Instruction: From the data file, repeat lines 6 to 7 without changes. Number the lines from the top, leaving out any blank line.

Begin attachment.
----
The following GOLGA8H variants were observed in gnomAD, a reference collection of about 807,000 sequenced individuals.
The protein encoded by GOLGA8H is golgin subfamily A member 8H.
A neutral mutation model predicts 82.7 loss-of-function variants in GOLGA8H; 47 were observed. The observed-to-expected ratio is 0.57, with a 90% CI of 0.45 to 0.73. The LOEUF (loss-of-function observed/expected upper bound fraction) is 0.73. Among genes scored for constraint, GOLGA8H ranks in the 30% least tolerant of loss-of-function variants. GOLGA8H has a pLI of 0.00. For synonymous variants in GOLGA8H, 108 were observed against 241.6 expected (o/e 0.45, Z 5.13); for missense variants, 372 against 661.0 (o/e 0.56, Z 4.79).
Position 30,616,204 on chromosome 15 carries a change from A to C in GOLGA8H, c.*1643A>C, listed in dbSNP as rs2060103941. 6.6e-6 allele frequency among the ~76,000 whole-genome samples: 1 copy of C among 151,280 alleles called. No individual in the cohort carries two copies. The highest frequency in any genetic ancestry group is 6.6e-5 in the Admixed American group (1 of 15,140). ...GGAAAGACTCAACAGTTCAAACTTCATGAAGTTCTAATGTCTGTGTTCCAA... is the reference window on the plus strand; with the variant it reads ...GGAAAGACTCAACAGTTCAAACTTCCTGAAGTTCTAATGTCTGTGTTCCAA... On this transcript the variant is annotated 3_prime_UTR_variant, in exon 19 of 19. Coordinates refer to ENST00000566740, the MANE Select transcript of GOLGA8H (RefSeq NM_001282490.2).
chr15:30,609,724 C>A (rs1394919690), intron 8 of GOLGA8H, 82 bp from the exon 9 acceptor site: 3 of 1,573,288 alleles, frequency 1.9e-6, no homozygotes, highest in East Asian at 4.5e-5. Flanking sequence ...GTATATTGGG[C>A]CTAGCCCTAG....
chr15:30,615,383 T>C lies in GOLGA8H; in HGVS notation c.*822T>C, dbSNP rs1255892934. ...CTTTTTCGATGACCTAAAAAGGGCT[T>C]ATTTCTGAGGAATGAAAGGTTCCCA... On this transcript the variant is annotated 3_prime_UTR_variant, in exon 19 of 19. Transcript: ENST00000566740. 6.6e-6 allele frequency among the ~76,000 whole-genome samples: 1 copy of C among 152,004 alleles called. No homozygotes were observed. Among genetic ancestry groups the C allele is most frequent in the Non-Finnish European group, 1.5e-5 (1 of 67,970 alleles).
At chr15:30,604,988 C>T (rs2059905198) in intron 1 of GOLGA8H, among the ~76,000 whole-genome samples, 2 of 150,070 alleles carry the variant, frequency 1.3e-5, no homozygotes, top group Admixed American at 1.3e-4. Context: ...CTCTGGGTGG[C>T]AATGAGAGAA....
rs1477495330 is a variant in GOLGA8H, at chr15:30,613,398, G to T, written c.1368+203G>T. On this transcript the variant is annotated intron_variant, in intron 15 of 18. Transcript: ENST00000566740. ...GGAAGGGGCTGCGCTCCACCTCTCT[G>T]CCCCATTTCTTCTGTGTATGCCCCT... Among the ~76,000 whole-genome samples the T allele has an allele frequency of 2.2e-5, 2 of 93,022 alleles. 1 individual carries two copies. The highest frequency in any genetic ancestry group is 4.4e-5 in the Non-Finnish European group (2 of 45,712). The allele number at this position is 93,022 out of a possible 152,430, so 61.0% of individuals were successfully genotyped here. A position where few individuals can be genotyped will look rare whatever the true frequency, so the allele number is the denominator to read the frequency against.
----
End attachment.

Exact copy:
chr15:30,615,383 T>C lies in GOLGA8H; in HGVS notation c.*822T>C, dbSNP rs1255892934. ...CTTTTTCGATGACCTAAAAAGGGCT[T>C]ATTTCTGAGGAATGAAAGGTTCCCA... On this transcript the variant is annotated 3_prime_UTR_variant, in exon 19 of 19. Transcript: ENST00000566740. 6.6e-6 allele frequency among the ~76,000 whole-genome samples: 1 copy of C among 152,004 alleles called. No homozygotes were observed. Among genetic ancestry groups the C allele is most frequent in the Non-Finnish European group, 1.5e-5 (1 of 67,970 alleles).
At chr15:30,604,988 C>T (rs2059905198) in intron 1 of GOLGA8H, among the ~76,000 whole-genome samples, 2 of 150,070 alleles carry the variant, frequency 1.3e-5, no homozygotes, top group Admixed American at 1.3e-4. Context: ...CTCTGGGTGG[C>T]AATGAGAGAA....